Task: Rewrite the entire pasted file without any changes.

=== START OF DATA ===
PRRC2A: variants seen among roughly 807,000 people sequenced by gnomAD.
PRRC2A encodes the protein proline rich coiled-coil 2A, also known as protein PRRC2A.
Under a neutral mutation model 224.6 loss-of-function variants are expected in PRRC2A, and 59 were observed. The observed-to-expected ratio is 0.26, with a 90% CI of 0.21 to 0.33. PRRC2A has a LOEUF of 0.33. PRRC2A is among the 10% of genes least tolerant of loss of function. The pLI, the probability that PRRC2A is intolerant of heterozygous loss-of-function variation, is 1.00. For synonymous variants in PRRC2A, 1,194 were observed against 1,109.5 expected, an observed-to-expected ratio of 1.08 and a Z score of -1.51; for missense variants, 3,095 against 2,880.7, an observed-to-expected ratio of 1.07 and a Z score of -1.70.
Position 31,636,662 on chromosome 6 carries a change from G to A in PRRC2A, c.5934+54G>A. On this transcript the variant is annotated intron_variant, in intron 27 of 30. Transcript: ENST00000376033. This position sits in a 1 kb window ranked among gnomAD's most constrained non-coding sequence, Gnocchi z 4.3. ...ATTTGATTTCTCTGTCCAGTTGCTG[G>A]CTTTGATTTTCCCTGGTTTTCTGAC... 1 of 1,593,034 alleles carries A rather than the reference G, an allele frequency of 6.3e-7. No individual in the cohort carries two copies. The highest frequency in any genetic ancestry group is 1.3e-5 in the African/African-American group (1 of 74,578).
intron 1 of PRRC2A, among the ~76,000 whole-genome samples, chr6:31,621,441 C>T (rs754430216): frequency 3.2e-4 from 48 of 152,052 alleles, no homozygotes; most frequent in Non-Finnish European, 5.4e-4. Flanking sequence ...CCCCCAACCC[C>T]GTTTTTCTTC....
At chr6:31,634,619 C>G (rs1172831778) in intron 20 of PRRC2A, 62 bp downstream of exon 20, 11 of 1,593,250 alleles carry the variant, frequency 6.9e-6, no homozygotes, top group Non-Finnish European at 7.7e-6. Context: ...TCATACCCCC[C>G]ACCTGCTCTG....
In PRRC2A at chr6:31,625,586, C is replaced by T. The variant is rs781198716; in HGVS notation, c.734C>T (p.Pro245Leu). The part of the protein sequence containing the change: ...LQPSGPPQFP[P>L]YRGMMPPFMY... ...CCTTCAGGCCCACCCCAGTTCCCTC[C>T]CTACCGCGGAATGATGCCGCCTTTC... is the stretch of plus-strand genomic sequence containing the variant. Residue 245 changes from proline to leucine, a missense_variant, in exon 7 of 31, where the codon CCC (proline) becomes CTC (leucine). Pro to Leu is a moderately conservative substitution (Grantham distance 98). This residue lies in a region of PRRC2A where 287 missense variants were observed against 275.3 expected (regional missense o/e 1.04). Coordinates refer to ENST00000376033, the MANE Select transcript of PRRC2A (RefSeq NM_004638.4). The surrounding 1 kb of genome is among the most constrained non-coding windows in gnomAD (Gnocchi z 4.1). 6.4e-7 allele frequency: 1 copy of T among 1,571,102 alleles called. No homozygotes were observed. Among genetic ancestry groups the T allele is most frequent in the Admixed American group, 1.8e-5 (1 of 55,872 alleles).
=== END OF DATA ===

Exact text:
PRRC2A: variants seen among roughly 807,000 people sequenced by gnomAD.
PRRC2A encodes the protein proline rich coiled-coil 2A, also known as protein PRRC2A.
Under a neutral mutation model 224.6 loss-of-function variants are expected in PRRC2A, and 59 were observed. The observed-to-expected ratio is 0.26, with a 90% CI of 0.21 to 0.33. PRRC2A has a LOEUF of 0.33. PRRC2A is among the 10% of genes least tolerant of loss of function. The pLI, the probability that PRRC2A is intolerant of heterozygous loss-of-function variation, is 1.00. For synonymous variants in PRRC2A, 1,194 were observed against 1,109.5 expected, an observed-to-expected ratio of 1.08 and a Z score of -1.51; for missense variants, 3,095 against 2,880.7, an observed-to-expected ratio of 1.07 and a Z score of -1.70.
Position 31,636,662 on chromosome 6 carries a change from G to A in PRRC2A, c.5934+54G>A. On this transcript the variant is annotated intron_variant, in intron 27 of 30. Transcript: ENST00000376033. This position sits in a 1 kb window ranked among gnomAD's most constrained non-coding sequence, Gnocchi z 4.3. ...ATTTGATTTCTCTGTCCAGTTGCTG[G>A]CTTTGATTTTCCCTGGTTTTCTGAC... 1 of 1,593,034 alleles carries A rather than the reference G, an allele frequency of 6.3e-7. No individual in the cohort carries two copies. The highest frequency in any genetic ancestry group is 1.3e-5 in the African/African-American group (1 of 74,578).
intron 1 of PRRC2A, among the ~76,000 whole-genome samples, chr6:31,621,441 C>T (rs754430216): frequency 3.2e-4 from 48 of 152,052 alleles, no homozygotes; most frequent in Non-Finnish European, 5.4e-4. Flanking sequence ...CCCCCAACCC[C>T]GTTTTTCTTC....
At chr6:31,634,619 C>G (rs1172831778) in intron 20 of PRRC2A, 62 bp downstream of exon 20, 11 of 1,593,250 alleles carry the variant, frequency 6.9e-6, no homozygotes, top group Non-Finnish European at 7.7e-6. Context: ...TCATACCCCC[C>G]ACCTGCTCTG....
In PRRC2A at chr6:31,625,586, C is replaced by T. The variant is rs781198716; in HGVS notation, c.734C>T (p.Pro245Leu). The part of the protein sequence containing the change: ...LQPSGPPQFP[P>L]YRGMMPPFMY... ...CCTTCAGGCCCACCCCAGTTCCCTC[C>T]CTACCGCGGAATGATGCCGCCTTTC... is the stretch of plus-strand genomic sequence containing the variant. Residue 245 changes from proline to leucine, a missense_variant, in exon 7 of 31, where the codon CCC (proline) becomes CTC (leucine). Pro to Leu is a moderately conservative substitution (Grantham distance 98). This residue lies in a region of PRRC2A where 287 missense variants were observed against 275.3 expected (regional missense o/e 1.04). Coordinates refer to ENST00000376033, the MANE Select transcript of PRRC2A (RefSeq NM_004638.4). The surrounding 1 kb of genome is among the most constrained non-coding windows in gnomAD (Gnocchi z 4.1). 6.4e-7 allele frequency: 1 copy of T among 1,571,102 alleles called. No homozygotes were observed. Among genetic ancestry groups the T allele is most frequent in the Admixed American group, 1.8e-5 (1 of 55,872 alleles).